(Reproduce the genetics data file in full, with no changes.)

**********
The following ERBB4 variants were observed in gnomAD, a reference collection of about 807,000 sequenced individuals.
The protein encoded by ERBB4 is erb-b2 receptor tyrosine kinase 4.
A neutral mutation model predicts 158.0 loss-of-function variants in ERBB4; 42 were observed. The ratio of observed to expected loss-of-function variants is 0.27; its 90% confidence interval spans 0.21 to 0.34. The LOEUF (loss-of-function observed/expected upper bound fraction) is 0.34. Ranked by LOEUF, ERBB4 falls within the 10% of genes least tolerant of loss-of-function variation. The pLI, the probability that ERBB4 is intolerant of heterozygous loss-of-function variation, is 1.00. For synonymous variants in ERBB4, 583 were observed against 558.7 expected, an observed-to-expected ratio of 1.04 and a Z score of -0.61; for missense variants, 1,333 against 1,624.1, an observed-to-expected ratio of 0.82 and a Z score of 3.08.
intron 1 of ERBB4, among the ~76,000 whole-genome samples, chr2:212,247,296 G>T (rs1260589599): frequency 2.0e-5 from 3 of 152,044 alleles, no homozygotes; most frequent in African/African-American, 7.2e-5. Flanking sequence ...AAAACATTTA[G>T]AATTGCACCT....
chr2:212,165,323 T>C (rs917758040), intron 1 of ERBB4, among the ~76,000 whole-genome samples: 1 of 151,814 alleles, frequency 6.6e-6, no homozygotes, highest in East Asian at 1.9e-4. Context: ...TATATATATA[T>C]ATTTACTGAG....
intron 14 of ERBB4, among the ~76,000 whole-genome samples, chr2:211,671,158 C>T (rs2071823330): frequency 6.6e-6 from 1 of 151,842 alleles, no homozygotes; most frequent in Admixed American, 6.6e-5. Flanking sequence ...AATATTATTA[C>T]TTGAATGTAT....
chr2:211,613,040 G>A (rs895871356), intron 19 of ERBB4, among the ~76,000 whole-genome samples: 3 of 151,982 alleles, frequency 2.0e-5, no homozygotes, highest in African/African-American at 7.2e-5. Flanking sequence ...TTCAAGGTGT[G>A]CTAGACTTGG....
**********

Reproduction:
The following ERBB4 variants were observed in gnomAD, a reference collection of about 807,000 sequenced individuals.
The protein encoded by ERBB4 is erb-b2 receptor tyrosine kinase 4.
A neutral mutation model predicts 158.0 loss-of-function variants in ERBB4; 42 were observed. The ratio of observed to expected loss-of-function variants is 0.27; its 90% confidence interval spans 0.21 to 0.34. The LOEUF (loss-of-function observed/expected upper bound fraction) is 0.34. Ranked by LOEUF, ERBB4 falls within the 10% of genes least tolerant of loss-of-function variation. The pLI, the probability that ERBB4 is intolerant of heterozygous loss-of-function variation, is 1.00. For synonymous variants in ERBB4, 583 were observed against 558.7 expected, an observed-to-expected ratio of 1.04 and a Z score of -0.61; for missense variants, 1,333 against 1,624.1, an observed-to-expected ratio of 0.82 and a Z score of 3.08.
intron 1 of ERBB4, among the ~76,000 whole-genome samples, chr2:212,247,296 G>T (rs1260589599): frequency 2.0e-5 from 3 of 152,044 alleles, no homozygotes; most frequent in African/African-American, 7.2e-5. Flanking sequence ...AAAACATTTA[G>T]AATTGCACCT....
chr2:212,165,323 T>C (rs917758040), intron 1 of ERBB4, among the ~76,000 whole-genome samples: 1 of 151,814 alleles, frequency 6.6e-6, no homozygotes, highest in East Asian at 1.9e-4. Context: ...TATATATATA[T>C]ATTTACTGAG....
intron 14 of ERBB4, among the ~76,000 whole-genome samples, chr2:211,671,158 C>T (rs2071823330): frequency 6.6e-6 from 1 of 151,842 alleles, no homozygotes; most frequent in Admixed American, 6.6e-5. Flanking sequence ...AATATTATTA[C>T]TTGAATGTAT....
chr2:211,613,040 G>A (rs895871356), intron 19 of ERBB4, among the ~76,000 whole-genome samples: 3 of 151,982 alleles, frequency 2.0e-5, no homozygotes, highest in African/African-American at 7.2e-5. Flanking sequence ...TTCAAGGTGT[G>A]CTAGACTTGG....